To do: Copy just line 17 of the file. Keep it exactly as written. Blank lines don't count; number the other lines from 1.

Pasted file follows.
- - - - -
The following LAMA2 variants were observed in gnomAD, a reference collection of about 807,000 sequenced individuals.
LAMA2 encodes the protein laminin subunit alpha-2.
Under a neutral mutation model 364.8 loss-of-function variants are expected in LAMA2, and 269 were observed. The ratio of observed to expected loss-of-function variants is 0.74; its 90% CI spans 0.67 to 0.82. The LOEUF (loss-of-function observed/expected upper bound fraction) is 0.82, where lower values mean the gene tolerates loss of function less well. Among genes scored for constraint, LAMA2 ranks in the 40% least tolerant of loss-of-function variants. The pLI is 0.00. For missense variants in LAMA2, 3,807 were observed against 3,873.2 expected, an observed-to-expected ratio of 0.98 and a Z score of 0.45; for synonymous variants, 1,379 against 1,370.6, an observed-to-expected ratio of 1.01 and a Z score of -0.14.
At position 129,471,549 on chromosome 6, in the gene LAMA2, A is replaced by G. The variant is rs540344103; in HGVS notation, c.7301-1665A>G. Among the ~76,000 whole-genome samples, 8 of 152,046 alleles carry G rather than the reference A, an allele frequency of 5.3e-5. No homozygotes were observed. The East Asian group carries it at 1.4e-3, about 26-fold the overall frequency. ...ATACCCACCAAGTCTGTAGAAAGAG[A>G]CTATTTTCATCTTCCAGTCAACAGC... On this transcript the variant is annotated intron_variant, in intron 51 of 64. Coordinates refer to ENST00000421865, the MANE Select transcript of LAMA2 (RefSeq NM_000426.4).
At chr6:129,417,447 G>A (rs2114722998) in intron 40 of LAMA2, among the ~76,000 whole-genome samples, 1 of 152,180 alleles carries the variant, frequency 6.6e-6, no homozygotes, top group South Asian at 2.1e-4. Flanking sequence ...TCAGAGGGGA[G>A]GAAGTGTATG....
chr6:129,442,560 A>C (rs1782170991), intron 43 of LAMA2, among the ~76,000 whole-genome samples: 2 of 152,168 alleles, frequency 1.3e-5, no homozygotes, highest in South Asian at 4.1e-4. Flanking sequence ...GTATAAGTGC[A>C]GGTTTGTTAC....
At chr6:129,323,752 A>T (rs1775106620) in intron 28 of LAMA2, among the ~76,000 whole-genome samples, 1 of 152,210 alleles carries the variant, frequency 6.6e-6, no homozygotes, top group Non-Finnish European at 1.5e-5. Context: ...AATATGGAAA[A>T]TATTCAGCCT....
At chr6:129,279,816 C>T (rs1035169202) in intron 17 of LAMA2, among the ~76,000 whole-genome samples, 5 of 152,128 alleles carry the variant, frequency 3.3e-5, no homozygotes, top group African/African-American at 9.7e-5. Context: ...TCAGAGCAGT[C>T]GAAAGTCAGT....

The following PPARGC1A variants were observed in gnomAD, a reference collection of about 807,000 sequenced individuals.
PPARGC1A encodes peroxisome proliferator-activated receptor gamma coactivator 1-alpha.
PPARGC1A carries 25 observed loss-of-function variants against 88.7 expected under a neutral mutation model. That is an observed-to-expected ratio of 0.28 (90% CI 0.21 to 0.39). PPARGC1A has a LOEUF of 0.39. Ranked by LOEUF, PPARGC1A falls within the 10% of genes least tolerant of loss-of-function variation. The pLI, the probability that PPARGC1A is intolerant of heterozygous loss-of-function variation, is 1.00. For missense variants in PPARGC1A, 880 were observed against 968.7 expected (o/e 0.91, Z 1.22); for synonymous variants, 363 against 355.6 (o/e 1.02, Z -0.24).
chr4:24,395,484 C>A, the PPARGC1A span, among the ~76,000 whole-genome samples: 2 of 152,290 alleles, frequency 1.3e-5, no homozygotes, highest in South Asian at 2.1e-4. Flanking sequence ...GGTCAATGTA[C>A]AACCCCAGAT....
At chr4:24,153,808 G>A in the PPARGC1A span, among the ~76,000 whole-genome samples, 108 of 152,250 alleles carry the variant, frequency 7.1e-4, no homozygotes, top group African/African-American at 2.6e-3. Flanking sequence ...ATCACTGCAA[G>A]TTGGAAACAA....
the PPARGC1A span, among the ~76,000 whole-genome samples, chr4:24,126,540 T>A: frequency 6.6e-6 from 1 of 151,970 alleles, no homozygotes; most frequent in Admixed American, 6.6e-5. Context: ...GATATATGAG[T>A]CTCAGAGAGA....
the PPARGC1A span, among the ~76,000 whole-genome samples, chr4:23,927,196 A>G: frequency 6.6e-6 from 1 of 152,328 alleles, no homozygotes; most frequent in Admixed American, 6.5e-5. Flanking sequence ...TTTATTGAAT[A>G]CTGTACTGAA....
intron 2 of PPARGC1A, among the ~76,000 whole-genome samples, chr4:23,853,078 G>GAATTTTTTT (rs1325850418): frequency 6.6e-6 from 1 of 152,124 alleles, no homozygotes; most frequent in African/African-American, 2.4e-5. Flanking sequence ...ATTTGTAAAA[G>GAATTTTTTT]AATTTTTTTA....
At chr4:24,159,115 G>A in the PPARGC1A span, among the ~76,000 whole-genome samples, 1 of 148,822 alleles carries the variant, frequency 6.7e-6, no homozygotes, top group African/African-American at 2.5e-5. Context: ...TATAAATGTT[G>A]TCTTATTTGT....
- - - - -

At chr4:24,159,115 G>A in the PPARGC1A span, among the ~76,000 whole-genome samples, 1 of 148,822 alleles carries the variant, frequency 6.7e-6, no homozygotes, top group African/African-American at 2.5e-5. Context: ...TATAAATGTT[G>A]TCTTATTTGT....